Four Must-Haves for Effective Radio Advertising 

posted by Stephanie Theisen

When you think of what you want for your business, you probably name success, recognition, profitability, and a way to be future proof. That might be a lot to ask as the owner or marketing manager of a local company. What if I told you there’s something that can help with those goals? Radio advertising combines strategy, skillful planning, and engaging creative to turn good companies into great local brands. Here are the four must-haves for effective radio advertising.


1. Frequency

Four Must-Haves for Effective Radio Advertising 

Just as it takes repetition for people to memorize songs, it takes time for radio advertising to sink in with listeners. The average person needs to hear an ad message three times per week for it to be memorable. Airing your brand’s message once a week for a month or two isn’t going to get you closer to your goals. When I say frequency, I’m referring to the schedule your ad plays within a specific timeframe. There’s a special kind of “radio math” and strategy associated with frequency; it’s the total number of ads per week per station. At Leighton Broadcasting, we utilize a “21/52” schedule – a formula that means running 21 ads per week, 52 weeks per year.

Why? Here’s a little more math to illustrate the importance of frequency. With your ad budget, it’s far better to reach 10 percent of listeners and convince them 100 percent why they should choose your company than it is to reach 100 percent of listeners, but only have enough budget remaining to convince only 10 percent of them that you’re the answer they’re looking for.


2. Consistency

Your brand image is the visual of how people in the marketplace will recognize you. The use of your logo, color scheme, and tagline are all consistent; your business isn’t changing its look from year to year because consistency is key to brand recognition. Your radio advertising strategy should follow suit in practice. Your radio ad’s music bed or jingle, your voice, and your brand statement are all integral components to leave largely unchanged from ad to ad throughout your production schedule. Businesses that bounce around and switch these elements up will deliver a message, sure, but they’ll never develop a brand identity in the minds of listeners.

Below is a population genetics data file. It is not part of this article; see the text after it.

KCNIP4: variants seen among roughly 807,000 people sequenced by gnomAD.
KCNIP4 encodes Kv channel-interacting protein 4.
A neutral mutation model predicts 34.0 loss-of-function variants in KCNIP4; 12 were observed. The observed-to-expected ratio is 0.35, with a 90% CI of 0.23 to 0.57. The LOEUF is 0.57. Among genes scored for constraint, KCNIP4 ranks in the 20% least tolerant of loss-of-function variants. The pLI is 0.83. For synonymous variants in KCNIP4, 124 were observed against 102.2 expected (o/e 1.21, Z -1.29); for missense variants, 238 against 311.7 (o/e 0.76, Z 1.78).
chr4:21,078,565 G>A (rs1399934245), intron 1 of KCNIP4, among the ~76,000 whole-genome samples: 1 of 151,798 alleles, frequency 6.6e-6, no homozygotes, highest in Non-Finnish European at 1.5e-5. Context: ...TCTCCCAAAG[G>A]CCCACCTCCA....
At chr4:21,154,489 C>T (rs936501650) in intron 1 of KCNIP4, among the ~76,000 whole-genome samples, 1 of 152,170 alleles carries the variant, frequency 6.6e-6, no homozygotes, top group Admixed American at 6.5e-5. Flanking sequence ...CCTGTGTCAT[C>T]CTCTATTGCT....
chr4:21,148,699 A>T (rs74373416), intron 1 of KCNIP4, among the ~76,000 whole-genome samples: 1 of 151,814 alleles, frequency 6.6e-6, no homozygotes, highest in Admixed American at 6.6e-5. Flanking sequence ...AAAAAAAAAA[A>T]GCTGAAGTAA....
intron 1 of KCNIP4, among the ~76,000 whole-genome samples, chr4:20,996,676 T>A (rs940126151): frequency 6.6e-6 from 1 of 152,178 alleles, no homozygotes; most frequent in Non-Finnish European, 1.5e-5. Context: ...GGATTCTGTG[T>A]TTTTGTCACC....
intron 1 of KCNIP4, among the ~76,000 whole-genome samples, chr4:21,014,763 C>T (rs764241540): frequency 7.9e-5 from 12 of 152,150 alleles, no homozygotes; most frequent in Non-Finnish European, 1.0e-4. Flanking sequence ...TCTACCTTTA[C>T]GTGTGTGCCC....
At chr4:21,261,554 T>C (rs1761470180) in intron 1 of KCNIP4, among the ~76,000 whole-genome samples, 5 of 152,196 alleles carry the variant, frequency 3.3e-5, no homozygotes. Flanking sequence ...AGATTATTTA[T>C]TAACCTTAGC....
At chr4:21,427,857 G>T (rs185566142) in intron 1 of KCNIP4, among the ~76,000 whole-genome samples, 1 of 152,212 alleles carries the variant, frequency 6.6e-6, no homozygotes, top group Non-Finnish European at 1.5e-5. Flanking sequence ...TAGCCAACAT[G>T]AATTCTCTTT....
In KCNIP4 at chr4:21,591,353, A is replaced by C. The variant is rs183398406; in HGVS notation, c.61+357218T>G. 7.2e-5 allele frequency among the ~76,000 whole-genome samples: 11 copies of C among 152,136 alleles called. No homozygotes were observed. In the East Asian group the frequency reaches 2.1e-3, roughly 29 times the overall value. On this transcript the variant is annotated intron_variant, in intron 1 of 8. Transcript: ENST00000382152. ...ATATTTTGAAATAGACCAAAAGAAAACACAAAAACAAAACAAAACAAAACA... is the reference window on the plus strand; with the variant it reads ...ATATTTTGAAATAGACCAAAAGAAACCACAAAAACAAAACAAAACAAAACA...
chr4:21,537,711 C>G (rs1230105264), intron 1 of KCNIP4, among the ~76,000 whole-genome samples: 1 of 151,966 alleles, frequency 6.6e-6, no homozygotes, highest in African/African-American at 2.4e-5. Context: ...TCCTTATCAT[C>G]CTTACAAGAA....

Consistency works to build awareness by building tangible concepts attached to your brand. It also breeds familiarity which in turn fosters trust and positions your company as a reputable, trustworthy part of the community.


3. Differentiation

As a small business, you’ve had to consider this topic across most facets of your organization. What makes your brand stand out? What products or services do you offer that are unique? What are the benefits? When your employees or staff summarize what your business does, what do they say? Differentiation and distinctiveness will attract customers to you, and to you alone. They choose you and your service and solutions over others intentionally. In turn, your radio ad should seek to differentiate itself from all other ads so it stands out, representing your brand in a true fashion.

The first step to differentiate is to identify your business’s unique selling position (USP). This simple step is crucial and will help form not only the basis for how you operate in your industry, but how to position your message in radio advertising. Once you’ve established your USP, hammer it home (consistently, as outlined above) to illustrate why listeners should care about your business and what potential product or service you can offer them.


4. Dramatization

In radio, you have a small window to grab the listener. In some cases, it’s only 15 seconds. But simplicity actually works well in this medium. The listener is busy, the world is cluttered, and one good point is all you need. One of our AEs Kris Priebe said this about dramatizing radio ads, “Good radio ads are like a rhinoceros – they only have one point.”

That’s so true! In all of your ads, no matter the format, make a single point and dramatize it. Don’t offer your listeners a laundry list or complicated message. People will never remember it and will lose interest plus your ads with then sound like all radio ads – which directly goes against point three above – differentiate.

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